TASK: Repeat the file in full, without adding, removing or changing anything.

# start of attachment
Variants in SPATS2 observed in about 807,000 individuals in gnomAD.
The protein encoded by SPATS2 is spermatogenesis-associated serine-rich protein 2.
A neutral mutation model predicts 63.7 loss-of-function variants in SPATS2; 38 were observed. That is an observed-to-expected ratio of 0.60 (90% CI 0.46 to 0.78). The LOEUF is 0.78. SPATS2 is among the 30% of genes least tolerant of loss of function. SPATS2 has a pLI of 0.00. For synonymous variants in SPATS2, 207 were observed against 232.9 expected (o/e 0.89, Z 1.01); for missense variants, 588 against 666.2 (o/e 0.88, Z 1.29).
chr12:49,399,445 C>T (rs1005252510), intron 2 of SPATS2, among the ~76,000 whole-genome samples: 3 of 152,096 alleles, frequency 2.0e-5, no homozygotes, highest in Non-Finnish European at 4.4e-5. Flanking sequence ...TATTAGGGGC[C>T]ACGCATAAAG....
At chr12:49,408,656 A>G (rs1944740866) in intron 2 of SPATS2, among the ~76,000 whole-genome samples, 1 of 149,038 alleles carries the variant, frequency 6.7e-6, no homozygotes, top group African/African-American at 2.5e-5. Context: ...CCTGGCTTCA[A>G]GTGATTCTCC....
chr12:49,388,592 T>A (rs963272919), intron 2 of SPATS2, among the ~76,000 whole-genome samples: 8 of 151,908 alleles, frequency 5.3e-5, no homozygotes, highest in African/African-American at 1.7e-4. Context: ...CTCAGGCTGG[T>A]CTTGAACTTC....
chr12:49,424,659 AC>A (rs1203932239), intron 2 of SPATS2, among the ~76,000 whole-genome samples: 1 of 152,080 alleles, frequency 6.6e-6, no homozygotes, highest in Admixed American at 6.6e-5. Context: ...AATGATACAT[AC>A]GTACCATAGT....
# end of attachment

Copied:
Variants in SPATS2 observed in about 807,000 individuals in gnomAD.
The protein encoded by SPATS2 is spermatogenesis-associated serine-rich protein 2.
A neutral mutation model predicts 63.7 loss-of-function variants in SPATS2; 38 were observed. That is an observed-to-expected ratio of 0.60 (90% CI 0.46 to 0.78). The LOEUF is 0.78. SPATS2 is among the 30% of genes least tolerant of loss of function. SPATS2 has a pLI of 0.00. For synonymous variants in SPATS2, 207 were observed against 232.9 expected (o/e 0.89, Z 1.01); for missense variants, 588 against 666.2 (o/e 0.88, Z 1.29).
chr12:49,399,445 C>T (rs1005252510), intron 2 of SPATS2, among the ~76,000 whole-genome samples: 3 of 152,096 alleles, frequency 2.0e-5, no homozygotes, highest in Non-Finnish European at 4.4e-5. Flanking sequence ...TATTAGGGGC[C>T]ACGCATAAAG....
At chr12:49,408,656 A>G (rs1944740866) in intron 2 of SPATS2, among the ~76,000 whole-genome samples, 1 of 149,038 alleles carries the variant, frequency 6.7e-6, no homozygotes, top group African/African-American at 2.5e-5. Context: ...CCTGGCTTCA[A>G]GTGATTCTCC....
chr12:49,388,592 T>A (rs963272919), intron 2 of SPATS2, among the ~76,000 whole-genome samples: 8 of 151,908 alleles, frequency 5.3e-5, no homozygotes, highest in African/African-American at 1.7e-4. Context: ...CTCAGGCTGG[T>A]CTTGAACTTC....
chr12:49,424,659 AC>A (rs1203932239), intron 2 of SPATS2, among the ~76,000 whole-genome samples: 1 of 152,080 alleles, frequency 6.6e-6, no homozygotes, highest in Admixed American at 6.6e-5. Context: ...AATGATACAT[AC>A]GTACCATAGT....